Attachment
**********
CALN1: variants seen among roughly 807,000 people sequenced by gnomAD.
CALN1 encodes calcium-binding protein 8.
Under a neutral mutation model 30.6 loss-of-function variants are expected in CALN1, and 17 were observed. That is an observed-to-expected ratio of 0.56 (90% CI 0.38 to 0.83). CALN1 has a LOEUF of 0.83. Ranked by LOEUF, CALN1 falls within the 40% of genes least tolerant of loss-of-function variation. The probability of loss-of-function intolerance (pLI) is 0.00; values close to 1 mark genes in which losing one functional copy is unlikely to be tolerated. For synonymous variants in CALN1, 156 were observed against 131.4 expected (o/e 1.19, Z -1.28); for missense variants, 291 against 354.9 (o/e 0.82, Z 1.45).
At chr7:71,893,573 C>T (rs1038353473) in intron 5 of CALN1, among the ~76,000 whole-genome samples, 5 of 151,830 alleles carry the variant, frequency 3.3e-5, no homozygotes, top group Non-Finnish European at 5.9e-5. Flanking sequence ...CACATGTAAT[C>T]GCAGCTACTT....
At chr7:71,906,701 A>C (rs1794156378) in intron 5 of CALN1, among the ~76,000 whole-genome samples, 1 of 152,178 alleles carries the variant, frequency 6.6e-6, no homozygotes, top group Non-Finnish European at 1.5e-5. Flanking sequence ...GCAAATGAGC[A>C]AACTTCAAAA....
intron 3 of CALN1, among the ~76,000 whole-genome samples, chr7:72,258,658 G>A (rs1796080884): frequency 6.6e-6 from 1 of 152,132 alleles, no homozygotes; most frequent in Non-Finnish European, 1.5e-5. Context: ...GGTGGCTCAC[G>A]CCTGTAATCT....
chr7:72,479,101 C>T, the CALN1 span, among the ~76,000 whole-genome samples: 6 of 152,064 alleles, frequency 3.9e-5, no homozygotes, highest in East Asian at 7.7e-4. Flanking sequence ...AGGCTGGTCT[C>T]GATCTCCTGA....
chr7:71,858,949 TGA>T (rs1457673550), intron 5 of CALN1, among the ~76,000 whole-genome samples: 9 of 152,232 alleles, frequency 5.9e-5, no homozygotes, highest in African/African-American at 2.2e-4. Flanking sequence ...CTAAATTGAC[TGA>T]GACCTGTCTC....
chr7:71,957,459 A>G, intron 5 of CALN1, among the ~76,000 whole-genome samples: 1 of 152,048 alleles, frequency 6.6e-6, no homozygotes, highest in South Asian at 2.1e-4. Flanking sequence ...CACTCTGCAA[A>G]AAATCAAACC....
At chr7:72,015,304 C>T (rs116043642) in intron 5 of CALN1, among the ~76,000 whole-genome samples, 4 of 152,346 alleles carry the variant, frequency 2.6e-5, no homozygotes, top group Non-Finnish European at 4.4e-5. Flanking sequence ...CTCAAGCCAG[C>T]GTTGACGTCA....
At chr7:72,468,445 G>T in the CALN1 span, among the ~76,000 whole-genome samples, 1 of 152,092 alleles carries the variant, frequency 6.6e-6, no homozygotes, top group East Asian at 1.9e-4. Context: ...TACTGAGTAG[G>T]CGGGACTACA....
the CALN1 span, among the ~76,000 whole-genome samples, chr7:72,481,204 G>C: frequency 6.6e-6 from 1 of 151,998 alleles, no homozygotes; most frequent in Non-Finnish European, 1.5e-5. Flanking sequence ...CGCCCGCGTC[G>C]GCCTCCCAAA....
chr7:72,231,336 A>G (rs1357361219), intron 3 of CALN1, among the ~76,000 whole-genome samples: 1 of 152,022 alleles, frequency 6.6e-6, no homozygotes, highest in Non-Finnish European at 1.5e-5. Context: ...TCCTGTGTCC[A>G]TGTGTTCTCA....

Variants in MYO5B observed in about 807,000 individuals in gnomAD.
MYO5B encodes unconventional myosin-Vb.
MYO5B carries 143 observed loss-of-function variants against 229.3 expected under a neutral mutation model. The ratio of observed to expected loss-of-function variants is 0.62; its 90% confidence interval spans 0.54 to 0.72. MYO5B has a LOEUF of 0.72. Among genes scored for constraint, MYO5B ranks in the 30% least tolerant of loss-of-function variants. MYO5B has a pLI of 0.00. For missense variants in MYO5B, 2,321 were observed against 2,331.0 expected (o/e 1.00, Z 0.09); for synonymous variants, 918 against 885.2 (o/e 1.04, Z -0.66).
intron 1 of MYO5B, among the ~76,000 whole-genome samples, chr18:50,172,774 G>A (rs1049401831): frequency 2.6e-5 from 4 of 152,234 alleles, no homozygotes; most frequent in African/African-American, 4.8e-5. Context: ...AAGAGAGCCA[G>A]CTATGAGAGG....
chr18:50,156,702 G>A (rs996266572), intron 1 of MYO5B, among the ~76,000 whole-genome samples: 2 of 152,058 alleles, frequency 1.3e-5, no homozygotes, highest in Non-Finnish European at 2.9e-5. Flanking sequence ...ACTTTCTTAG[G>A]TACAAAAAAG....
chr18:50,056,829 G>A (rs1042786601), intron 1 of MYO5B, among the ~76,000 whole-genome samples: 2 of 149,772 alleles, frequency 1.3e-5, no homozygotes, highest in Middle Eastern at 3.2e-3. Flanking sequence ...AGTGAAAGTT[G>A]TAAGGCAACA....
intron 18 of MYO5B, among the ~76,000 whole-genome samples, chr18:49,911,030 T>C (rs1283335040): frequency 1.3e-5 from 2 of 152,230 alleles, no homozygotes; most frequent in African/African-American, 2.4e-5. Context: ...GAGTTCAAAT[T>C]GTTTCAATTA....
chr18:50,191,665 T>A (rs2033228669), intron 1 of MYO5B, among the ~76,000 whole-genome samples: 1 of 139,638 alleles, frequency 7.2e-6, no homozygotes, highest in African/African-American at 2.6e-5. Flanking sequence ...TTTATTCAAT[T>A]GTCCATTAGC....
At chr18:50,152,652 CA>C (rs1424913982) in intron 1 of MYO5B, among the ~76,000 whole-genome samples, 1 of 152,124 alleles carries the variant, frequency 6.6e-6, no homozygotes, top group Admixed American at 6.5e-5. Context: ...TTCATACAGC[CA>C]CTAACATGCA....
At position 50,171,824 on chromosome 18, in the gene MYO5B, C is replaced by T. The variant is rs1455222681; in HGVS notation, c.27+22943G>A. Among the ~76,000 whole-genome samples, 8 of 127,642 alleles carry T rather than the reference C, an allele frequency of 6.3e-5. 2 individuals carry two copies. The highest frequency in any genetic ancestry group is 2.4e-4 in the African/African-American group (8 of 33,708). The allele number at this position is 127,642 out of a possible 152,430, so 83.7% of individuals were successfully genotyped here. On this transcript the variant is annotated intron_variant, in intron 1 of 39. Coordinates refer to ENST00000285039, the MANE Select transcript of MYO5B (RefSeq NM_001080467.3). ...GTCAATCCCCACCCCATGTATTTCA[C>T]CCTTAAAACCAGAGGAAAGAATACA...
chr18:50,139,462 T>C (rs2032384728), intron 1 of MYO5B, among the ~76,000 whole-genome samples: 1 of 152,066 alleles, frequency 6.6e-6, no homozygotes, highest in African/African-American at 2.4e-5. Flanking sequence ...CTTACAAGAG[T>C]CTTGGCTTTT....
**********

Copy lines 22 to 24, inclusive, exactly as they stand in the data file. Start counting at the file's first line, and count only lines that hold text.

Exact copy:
At chr18:50,152,652 CA>C (rs1424913982) in intron 1 of MYO5B, among the ~76,000 whole-genome samples, 1 of 152,124 alleles carries the variant, frequency 6.6e-6, no homozygotes, top group Admixed American at 6.5e-5. Context: ...TTCATACAGC[CA>C]CTAACATGCA....
At position 50,171,824 on chromosome 18, in the gene MYO5B, C is replaced by T. The variant is rs1455222681; in HGVS notation, c.27+22943G>A. Among the ~76,000 whole-genome samples, 8 of 127,642 alleles carry T rather than the reference C, an allele frequency of 6.3e-5. 2 individuals carry two copies. The highest frequency in any genetic ancestry group is 2.4e-4 in the African/African-American group (8 of 33,708). The allele number at this position is 127,642 out of a possible 152,430, so 83.7% of individuals were successfully genotyped here. On this transcript the variant is annotated intron_variant, in intron 1 of 39. Coordinates refer to ENST00000285039, the MANE Select transcript of MYO5B (RefSeq NM_001080467.3). ...GTCAATCCCCACCCCATGTATTTCA[C>T]CCTTAAAACCAGAGGAAAGAATACA...
chr18:50,139,462 T>C (rs2032384728), intron 1 of MYO5B, among the ~76,000 whole-genome samples: 1 of 152,066 alleles, frequency 6.6e-6, no homozygotes, highest in African/African-American at 2.4e-5. Flanking sequence ...CTTACAAGAG[T>C]CTTGGCTTTT....